Posts Tagged ‘David Zwirner’
July 25, 2012 | by Claire Barliant
I met with Jessamyn Fiore in the air-conditioned back offices of David Zwirner’s Chelsea gallery in late June to discuss her new book, 112 Greene Street, a series of interviews with artists who helped found or were associated with the eponymous location, one of the first alternative art spaces in New York City. Opened in 1970 by artists Jeffrey Lew, Alan Saret, and Gordon Matta-Clark, 112 Greene Street served not as a commercial gallery but as a space in which artists could create and exhibit works collaboratively. Their participation in the burgeoning SoHo art scene also included cofounding FOOD, a pay-what-you-wish restaurant known for its delicious soups. Back then, the neighborhood more closely resembled a small village, rather than the glamorous, high-end shopping district it is now, and all of the artists associated with 112 Greene Street who were interviewed by Fiore remember that communal period fondly.
Fiore has a direct lineage to the groundbreaking gallery: her mother, Jane Crawford, was married to Gordon Matta-Clark, who died from pancreatic cancer in 1978 at age thirty-five. Known for his daring “building cuts”—literal dissections of buildings slated for demolition—Matta-Clark was, by all accounts, charismatic and widely admired and loved. Fiore herself ran a nonprofit art gallery in Dublin for several years before relocating to New York, where she curated an exhibition at Zwirner about 112 Greene Street last winter. She is warm, easygoing, and candid; it’s easy to see why the artists, whom she considers her friends, would trust her to preserve their memories in print.
June 29, 2012 | by The Paris Review
Literature is trending in the New York art world right now. One show in Chelsea takes its cue from William Blake’s Songs of Innocence and Experience, and another borrows its title and raison d’être from Henry Miller’s “Stand Still Like a Hummingbird.” In the latter show, at David Zwirner, a work by Mason Williams from 1967 consists of a life-size silkscreen print of a Greyhound bus that can either be hung on the wall as a mural or folded and placed in a box. It seems, to me, to be analogous to much of literature—a picture of the larger world that is neatly held within an object whose diminutive size belies the limitless scope within it. The work weights more than ten pounds, which means it’s still heavier than a six-pack of Proust or a hardcover Larousse Gastronomique. —Nicole Rudick
This week, I revisited Richard Rodriguez’s memoir, Brown: The Last Discovery of America, and found that it’s as relevant today as it was when it was first published in 2002. Rodriguez explores the problem of being read primarily through his racial and sexual identity. He argues that the belief that only your demographic doppelgänger can address or portray you is counter to the function of literature, which allows moments of recognition between two very particular—and therefore different—lives. “Auden has a line,” he writes. “Ports have names they call the sea. Just so, literature will describe life familiarly, regionally, in terms it is accustomed to use […],” but ultimately, has “only one subject: What it feels like to be alive.” Rodriguez’s politics, when you agree with them and especially when you don’t, are stimulating and certainly worth the patient reading they demand. —Alyssa Loh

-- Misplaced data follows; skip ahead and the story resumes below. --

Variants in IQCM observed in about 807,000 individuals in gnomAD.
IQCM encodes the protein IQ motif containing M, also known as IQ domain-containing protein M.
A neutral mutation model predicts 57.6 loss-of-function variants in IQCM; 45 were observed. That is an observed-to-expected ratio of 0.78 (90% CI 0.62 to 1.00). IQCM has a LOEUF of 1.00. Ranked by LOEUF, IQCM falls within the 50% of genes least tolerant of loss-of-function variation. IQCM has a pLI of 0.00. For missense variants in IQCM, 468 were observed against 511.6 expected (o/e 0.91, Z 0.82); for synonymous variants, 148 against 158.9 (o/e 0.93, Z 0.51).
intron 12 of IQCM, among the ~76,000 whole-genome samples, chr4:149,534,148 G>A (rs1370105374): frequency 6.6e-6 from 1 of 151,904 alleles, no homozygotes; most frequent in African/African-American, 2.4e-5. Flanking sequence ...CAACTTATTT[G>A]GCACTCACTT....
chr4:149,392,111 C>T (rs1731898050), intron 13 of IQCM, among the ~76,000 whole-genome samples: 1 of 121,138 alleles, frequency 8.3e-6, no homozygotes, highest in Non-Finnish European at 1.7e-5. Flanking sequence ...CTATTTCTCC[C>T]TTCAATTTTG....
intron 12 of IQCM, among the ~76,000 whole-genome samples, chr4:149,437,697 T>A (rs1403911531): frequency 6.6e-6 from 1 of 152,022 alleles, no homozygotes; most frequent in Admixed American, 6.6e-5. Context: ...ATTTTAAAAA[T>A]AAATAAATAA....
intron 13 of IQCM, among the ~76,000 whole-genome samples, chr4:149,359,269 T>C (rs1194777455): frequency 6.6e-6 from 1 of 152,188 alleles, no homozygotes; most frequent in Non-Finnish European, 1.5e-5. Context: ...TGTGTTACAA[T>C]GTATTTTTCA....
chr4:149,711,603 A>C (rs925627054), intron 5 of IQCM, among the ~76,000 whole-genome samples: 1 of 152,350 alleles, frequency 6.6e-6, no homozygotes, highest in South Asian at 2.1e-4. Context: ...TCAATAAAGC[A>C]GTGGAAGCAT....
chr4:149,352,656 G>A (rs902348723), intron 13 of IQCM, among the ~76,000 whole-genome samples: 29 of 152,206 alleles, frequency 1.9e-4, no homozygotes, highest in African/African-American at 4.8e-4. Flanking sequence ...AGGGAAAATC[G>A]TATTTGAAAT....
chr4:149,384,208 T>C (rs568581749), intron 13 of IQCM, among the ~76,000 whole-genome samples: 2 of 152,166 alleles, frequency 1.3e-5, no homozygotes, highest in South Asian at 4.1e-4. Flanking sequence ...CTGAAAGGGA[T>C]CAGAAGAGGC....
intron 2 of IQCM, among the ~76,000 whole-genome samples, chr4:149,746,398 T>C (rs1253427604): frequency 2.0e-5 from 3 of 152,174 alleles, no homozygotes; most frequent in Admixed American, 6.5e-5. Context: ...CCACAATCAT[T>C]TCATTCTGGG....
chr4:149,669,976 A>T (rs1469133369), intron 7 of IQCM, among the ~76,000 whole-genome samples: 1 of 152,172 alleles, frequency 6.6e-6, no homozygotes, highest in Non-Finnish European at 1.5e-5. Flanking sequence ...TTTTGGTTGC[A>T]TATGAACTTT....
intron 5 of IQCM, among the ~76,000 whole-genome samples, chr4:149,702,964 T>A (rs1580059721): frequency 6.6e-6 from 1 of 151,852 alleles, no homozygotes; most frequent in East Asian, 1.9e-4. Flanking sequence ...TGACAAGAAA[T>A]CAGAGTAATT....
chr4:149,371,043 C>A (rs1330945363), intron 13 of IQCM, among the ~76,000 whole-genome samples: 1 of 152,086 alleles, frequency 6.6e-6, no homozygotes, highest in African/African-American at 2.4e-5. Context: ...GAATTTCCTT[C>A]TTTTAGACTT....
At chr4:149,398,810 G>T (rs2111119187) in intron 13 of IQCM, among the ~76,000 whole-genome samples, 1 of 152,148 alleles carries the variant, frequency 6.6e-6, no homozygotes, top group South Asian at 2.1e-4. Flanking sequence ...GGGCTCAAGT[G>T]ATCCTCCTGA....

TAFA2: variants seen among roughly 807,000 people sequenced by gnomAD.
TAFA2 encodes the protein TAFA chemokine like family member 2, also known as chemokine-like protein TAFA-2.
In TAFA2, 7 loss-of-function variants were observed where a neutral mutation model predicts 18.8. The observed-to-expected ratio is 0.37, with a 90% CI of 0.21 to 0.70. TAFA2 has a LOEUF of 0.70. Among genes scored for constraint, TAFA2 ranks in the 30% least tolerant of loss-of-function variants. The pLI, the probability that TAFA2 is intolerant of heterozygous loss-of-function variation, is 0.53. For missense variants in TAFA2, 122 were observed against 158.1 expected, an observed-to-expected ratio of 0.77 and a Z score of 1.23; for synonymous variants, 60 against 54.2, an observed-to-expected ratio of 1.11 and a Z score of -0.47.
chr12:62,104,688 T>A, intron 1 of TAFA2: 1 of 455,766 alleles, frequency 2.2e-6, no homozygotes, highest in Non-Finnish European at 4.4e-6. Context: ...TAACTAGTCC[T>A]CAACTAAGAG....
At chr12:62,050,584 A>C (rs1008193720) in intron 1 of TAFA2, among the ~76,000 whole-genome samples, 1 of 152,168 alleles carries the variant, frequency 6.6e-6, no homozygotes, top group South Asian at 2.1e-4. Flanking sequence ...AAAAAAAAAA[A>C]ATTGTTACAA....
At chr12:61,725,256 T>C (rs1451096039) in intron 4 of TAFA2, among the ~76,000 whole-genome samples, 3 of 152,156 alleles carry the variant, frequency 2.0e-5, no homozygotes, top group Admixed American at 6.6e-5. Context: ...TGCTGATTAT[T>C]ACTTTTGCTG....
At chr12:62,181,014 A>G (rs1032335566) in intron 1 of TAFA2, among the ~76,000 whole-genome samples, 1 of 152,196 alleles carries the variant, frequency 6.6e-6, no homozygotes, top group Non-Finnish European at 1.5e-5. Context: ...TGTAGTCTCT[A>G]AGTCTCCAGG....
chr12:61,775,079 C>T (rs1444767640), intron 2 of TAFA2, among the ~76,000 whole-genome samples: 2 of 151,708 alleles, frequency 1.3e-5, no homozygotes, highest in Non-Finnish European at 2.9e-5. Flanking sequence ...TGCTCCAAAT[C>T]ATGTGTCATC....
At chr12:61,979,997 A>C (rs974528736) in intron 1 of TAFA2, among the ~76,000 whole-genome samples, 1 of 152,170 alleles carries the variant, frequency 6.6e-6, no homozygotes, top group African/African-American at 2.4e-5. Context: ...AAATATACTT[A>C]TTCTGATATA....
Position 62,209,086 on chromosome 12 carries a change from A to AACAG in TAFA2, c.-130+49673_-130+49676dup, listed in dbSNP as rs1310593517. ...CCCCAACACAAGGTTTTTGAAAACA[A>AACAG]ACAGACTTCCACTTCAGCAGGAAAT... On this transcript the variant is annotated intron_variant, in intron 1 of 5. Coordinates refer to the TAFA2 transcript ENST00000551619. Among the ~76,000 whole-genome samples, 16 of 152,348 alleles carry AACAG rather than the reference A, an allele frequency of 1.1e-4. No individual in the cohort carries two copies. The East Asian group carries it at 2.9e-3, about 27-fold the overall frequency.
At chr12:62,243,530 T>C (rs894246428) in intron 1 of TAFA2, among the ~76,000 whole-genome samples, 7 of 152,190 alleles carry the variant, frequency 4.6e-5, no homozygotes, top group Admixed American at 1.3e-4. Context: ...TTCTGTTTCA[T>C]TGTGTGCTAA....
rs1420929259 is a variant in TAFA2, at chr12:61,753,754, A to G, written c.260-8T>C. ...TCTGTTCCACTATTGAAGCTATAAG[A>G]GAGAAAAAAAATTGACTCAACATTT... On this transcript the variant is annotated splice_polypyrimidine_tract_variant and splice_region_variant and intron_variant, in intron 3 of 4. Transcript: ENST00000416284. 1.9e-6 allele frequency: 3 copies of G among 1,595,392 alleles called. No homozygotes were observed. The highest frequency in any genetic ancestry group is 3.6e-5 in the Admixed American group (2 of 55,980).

There are a few things I love so dearly that finding out someone doesn’t like them can make it instantly very difficult for me to relate to that person. “By Your Side” by Sade is one of them. The song has magical soothing powers. It’s a bit like being inside during a summer storm, wrapped in a blanket and watching rain graze the windowpane. (You probably shouldn’t tell me if you don’t like it.) —Anna Hadfield
Even though Thessaly recommended Leanne Shapton's Swimming Studies last week, I have to pile on! I've rarely been so wholly consumed by a reading experience. Shapton’s vivid description of a moment during a swim practice brought me back to my own high school pool on one of hundreds of winter nights: the soupy chorine-thick smell, the familiar feeling of sweating while in water, and the refreshing wave of winter cold hitting me as I made a flip turn at the far end of the pool. I dog-eared the passage; by the end I had folded down more page corners than were left unturned. In evocatively describing things like sliding around in sheets after shaving your entire body or the ability to know one’s status by the type of goggles, Swimming Studies brings the solitary activity of swimming into everyday life. It isn’t a sports book; in Swimming Studies the author has created a place for athlete and artist to coexist. —Emily Cole-Kelly
Several friends who know me well sent me this photo gallery, and they were right on the money: I’m enraptured by Canadian artist Heather Benning’s conversion of an abandoned farmhouse into a giant, open-sided dollhouse. —Sadie Stein